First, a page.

GLENDALE, Ariz. – Ice Edge chief operating office Daryl Jones attended the Phoenix Coyotes’ home opener Saturday night.
Someday, that might not be newsworthy – if Jones’ Ice Edge group buys the team.
Jones and Ice Edge investors have been discussing lease options with Glendale officials with an eye toward reviving their bid for the financially ailing Coyotes, whose sale has been tied up in a complicated bankruptcy proceeding.
“Our intention is to buy the team,” Jones told The Associated Press. “I think people are sort of not sure whether we’re serious, just because maybe they don’t know a whole lot about us. But the fact that we had a $10 million deposit, the fact that we’ve been in this for three or four months, spending the money you need to be involved.”
Jones, a Connecticut-based investor, heads a group of Canadian and American business people interested in buying the team and keeping it in Glendale, although they hope to play a handful of home games in Saskatoon.
Ice Edge’s original bid was thought to be around US$150 million, but the group pulled out before an auction last month.
Bankruptcy court judge Redfield T. Baum rejected the only remaining bids for the club – by Canadian billionaire Jim Balsillie and the NHL. Baum threw out Balsillie’s bid but left the door open for the league to purchase the franchise if it amends its offer to treat Coyotes owner Jerry Moyes and ex-coach Wayne Gretzky more favourably.
The NHL wants to re-sell the franchise to a local buyer, and that’s where Ice Edge hopes to step in.
The process has dragged on since Moyes filed for Chapter 11 bankruptcy protection on May 5, but Jones hopes it will move quickly if the NHL can win control of the team in court.
“The ideal scenario, I think, is that somebody buys the team quickly,” Jones said. “Because if not, I think extended uncertainty is just going to lead to poor ticket sales and basically a lot of losses on the business side.”
The Coyotes sold out Saturday night’s home opener against Columbus by drastically reducing ticket prices throughout the arena.
The team has lost at least $30 million each of the last three seasons and more than $300 million since moving from Winnipeg in 1996. Jones said he expects another year or two in the red but thinks the team can make money with better management.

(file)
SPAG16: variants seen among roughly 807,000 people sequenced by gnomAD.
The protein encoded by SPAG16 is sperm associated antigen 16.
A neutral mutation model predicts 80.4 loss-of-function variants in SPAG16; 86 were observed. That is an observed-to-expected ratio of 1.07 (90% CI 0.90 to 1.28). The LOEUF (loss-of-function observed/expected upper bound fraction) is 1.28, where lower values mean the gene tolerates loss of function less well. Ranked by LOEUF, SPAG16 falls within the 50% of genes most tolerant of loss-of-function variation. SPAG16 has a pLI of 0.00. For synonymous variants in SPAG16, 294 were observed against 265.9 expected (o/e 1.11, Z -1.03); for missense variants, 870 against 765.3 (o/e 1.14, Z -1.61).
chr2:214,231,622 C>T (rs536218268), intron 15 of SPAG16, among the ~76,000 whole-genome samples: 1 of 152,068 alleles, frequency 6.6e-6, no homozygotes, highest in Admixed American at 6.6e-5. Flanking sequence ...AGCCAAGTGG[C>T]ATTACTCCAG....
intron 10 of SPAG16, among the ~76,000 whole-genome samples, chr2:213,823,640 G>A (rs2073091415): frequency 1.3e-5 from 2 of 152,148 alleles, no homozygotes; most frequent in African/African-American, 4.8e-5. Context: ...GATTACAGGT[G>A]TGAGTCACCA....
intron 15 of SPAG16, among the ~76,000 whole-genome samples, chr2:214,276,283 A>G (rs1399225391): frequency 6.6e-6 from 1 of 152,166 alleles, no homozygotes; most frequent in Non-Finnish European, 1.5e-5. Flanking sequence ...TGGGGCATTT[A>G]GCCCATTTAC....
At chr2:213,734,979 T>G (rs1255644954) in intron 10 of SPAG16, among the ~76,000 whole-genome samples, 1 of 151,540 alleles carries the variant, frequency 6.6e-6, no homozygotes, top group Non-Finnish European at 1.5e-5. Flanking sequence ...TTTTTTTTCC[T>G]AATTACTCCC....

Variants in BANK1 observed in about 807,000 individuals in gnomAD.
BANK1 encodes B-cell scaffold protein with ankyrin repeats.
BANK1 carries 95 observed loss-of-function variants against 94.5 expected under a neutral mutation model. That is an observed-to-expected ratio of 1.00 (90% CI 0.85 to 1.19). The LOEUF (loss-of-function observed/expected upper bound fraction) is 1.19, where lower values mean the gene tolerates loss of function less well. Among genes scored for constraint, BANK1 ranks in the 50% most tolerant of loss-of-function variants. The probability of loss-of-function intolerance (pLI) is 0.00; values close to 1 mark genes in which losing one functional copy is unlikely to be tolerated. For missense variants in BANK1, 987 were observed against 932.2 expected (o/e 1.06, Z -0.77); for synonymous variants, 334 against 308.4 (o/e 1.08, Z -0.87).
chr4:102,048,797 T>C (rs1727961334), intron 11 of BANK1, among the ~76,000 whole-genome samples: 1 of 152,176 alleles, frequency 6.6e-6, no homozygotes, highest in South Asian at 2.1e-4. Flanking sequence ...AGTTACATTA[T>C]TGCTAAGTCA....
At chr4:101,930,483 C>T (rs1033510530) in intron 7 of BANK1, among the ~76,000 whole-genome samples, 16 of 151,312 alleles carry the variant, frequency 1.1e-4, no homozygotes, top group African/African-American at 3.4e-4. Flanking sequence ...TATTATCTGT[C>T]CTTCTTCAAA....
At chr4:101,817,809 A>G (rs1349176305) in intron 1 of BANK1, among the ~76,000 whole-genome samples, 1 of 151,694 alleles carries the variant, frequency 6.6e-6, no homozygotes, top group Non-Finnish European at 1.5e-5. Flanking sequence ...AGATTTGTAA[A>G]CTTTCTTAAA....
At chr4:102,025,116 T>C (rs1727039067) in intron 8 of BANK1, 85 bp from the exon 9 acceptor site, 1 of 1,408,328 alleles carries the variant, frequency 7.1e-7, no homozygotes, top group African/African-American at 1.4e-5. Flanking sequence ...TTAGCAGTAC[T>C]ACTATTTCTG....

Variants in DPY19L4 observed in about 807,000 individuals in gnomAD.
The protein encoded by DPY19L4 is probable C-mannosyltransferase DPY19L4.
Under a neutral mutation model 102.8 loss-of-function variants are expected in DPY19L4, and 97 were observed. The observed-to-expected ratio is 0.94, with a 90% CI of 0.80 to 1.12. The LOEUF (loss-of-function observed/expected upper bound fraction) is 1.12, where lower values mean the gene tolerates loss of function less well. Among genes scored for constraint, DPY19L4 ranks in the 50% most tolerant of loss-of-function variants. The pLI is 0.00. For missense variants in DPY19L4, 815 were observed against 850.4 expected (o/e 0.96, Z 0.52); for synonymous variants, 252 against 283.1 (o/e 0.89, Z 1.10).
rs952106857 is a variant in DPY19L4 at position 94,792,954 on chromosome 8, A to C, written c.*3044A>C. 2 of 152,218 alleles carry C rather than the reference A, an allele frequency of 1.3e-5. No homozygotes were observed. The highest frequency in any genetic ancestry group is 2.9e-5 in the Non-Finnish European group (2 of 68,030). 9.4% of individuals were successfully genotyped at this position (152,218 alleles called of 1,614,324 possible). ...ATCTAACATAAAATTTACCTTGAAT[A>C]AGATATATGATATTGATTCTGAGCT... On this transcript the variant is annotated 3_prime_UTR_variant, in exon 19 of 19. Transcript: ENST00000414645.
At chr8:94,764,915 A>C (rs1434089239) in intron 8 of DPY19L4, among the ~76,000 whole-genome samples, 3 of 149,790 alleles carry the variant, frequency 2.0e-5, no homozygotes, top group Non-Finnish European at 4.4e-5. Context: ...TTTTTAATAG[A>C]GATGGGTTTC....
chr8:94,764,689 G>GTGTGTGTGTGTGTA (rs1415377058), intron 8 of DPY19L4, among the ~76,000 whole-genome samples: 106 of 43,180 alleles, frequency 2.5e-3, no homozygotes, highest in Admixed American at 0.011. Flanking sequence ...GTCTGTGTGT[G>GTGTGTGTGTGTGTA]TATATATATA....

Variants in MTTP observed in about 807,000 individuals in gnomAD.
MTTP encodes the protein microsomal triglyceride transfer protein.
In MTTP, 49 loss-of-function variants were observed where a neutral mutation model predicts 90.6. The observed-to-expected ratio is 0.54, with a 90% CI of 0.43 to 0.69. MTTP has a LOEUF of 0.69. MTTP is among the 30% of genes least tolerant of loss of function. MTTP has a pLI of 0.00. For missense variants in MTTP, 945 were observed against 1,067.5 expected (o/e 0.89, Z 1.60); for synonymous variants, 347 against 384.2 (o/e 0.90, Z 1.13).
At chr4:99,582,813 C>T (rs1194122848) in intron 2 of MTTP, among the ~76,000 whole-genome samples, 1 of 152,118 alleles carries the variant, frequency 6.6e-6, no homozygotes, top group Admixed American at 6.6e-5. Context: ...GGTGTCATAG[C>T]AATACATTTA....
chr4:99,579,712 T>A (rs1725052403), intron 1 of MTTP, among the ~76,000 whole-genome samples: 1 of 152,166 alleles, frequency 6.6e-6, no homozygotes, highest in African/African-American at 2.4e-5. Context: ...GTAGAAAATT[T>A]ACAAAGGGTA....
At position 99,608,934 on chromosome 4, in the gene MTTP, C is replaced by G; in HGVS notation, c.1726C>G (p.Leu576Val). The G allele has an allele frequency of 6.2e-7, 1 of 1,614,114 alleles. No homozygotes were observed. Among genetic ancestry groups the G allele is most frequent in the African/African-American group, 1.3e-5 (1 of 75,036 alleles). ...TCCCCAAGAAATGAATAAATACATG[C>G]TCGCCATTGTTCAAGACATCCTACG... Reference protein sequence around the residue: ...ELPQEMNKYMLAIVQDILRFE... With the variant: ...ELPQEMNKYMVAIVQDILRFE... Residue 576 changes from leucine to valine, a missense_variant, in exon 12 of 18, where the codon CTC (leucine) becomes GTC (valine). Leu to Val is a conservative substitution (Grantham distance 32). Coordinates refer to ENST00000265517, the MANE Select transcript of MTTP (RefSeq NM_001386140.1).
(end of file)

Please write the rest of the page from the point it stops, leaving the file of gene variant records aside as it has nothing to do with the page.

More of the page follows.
“I think a lot of it has to do with professional management,” he said. “Expenses and revenues were really mismatched here. But you have to have a long-term strategy and build up a base of fans. My sense is that that really hasn’t happened here.”
Jones said Ice Edge is committed to playing some Coyotes home games in Saskatoon, even though that has raised concerns among some fans here.
“We want to make sure that we do it in a way that it doesn’t hurt the fan base here and doesn’t send the wrong message to the fan base here, because you don’t want the fan base here to think that’s a step to moving the team,” Jones said. “You want them to think that’s just part of expanding a broader fan base.”
Jones brushed off a hypothetical question about how much money Ice Edge would accept losing before it would consider relocating.
“We’re doing this because we think we can make it work, so we’re not even contemplating the idea of moving the team in five years, 10 years,” Jones said. “As investors, if we’re not making money in five or seven years, I think we’re going to have to look and think hard at our plan.
“We haven’t even talked to the city about the idea of the ability to move the team at some point in the future because we don’t want to,” Jones said. “That’s no way to enter into a partnership.”
Ice Edge’s original bid had called for Gretzky to coach the team at a reduced salary, but Gretzky quit nine days before the opener. Jones said the group would still like to have Gretzky involved, although he didn’t mention a specific role.
“From our perspective, there’s always going to be a place for ’99’ with Ice Edge,” he said.